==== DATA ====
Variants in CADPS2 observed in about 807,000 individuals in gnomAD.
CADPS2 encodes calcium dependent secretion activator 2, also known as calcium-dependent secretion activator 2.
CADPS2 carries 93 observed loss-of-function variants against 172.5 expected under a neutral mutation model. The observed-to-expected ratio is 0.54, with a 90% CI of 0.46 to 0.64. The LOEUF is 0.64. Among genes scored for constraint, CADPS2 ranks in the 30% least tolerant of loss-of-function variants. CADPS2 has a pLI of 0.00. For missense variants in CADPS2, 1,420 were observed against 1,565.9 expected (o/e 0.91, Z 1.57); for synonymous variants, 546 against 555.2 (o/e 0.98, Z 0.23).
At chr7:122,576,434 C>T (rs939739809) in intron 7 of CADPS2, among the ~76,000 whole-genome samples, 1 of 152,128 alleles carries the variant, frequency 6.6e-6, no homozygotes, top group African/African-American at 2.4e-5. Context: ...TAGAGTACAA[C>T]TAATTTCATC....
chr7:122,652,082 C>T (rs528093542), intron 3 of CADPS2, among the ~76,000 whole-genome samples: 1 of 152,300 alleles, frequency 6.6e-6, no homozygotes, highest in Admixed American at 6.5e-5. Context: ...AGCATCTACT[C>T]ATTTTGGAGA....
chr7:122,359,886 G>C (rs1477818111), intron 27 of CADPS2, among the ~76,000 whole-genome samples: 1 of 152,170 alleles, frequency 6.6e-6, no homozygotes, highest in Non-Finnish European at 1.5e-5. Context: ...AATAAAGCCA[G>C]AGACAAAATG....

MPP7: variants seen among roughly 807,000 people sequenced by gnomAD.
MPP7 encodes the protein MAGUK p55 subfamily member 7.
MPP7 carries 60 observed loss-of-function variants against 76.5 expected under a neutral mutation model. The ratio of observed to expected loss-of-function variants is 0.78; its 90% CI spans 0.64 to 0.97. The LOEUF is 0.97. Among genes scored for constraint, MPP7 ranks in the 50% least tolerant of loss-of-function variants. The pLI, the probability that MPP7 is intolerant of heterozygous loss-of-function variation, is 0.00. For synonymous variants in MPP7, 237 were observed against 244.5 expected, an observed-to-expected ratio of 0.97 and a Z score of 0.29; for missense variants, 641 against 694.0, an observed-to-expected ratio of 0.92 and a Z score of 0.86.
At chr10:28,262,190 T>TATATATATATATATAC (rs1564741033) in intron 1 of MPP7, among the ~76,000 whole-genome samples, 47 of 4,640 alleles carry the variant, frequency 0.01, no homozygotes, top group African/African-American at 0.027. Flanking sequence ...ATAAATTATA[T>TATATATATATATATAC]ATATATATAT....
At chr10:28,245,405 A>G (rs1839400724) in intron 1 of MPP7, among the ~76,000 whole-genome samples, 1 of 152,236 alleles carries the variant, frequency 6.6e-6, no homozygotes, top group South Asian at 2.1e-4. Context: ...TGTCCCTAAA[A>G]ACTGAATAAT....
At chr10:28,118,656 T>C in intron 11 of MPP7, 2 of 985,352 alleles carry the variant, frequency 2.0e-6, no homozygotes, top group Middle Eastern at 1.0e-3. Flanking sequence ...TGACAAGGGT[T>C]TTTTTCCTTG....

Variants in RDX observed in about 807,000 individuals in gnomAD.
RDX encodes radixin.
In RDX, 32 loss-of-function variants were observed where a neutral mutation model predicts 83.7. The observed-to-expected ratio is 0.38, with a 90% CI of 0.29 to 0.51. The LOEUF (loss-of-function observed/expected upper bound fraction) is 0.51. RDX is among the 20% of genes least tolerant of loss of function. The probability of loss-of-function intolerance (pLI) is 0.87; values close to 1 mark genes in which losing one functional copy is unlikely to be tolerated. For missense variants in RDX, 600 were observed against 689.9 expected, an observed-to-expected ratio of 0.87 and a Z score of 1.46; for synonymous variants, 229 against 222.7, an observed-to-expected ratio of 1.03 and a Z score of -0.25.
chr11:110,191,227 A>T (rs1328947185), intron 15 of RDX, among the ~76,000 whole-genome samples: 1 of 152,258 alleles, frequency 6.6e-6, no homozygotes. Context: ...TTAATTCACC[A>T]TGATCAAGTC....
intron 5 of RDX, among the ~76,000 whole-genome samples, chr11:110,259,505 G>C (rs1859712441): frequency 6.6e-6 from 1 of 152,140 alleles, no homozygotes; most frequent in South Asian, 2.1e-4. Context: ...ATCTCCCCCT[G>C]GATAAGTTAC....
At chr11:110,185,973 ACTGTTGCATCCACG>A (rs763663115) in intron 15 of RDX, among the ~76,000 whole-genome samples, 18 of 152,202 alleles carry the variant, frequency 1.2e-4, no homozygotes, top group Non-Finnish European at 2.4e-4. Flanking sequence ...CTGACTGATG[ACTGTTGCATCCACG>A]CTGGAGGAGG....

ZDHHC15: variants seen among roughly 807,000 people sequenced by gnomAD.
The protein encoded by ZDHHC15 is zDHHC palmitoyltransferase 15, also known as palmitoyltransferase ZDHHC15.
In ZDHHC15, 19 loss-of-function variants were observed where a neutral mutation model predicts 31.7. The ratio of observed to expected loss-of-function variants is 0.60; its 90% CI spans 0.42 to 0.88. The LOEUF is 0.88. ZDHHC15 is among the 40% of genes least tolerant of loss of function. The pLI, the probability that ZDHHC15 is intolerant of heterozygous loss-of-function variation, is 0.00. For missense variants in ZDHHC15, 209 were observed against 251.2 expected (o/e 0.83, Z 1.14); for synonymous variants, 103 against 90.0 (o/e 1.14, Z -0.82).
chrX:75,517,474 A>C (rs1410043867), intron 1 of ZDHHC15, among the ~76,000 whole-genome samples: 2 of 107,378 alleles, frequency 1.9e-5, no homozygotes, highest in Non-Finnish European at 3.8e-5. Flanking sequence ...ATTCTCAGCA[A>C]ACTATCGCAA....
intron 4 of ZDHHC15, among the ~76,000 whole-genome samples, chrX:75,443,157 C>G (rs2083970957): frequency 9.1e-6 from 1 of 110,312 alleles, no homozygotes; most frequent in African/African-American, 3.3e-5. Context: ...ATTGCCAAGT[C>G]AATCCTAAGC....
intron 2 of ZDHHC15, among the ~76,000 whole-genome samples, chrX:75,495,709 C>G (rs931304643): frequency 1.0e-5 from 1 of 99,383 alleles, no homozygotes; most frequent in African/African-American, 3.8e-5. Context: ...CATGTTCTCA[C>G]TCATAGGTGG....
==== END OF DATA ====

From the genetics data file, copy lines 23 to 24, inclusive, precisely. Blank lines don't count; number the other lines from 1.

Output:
intron 4 of ZDHHC15, among the ~76,000 whole-genome samples, chrX:75,443,157 C>G (rs2083970957): frequency 9.1e-6 from 1 of 110,312 alleles, no homozygotes; most frequent in African/African-American, 3.3e-5. Context: ...ATTGCCAAGT[C>G]AATCCTAAGC....
intron 2 of ZDHHC15, among the ~76,000 whole-genome samples, chrX:75,495,709 C>G (rs931304643): frequency 1.0e-5 from 1 of 99,383 alleles, no homozygotes; most frequent in African/African-American, 3.8e-5. Context: ...CATGTTCTCA[C>G]TCATAGGTGG....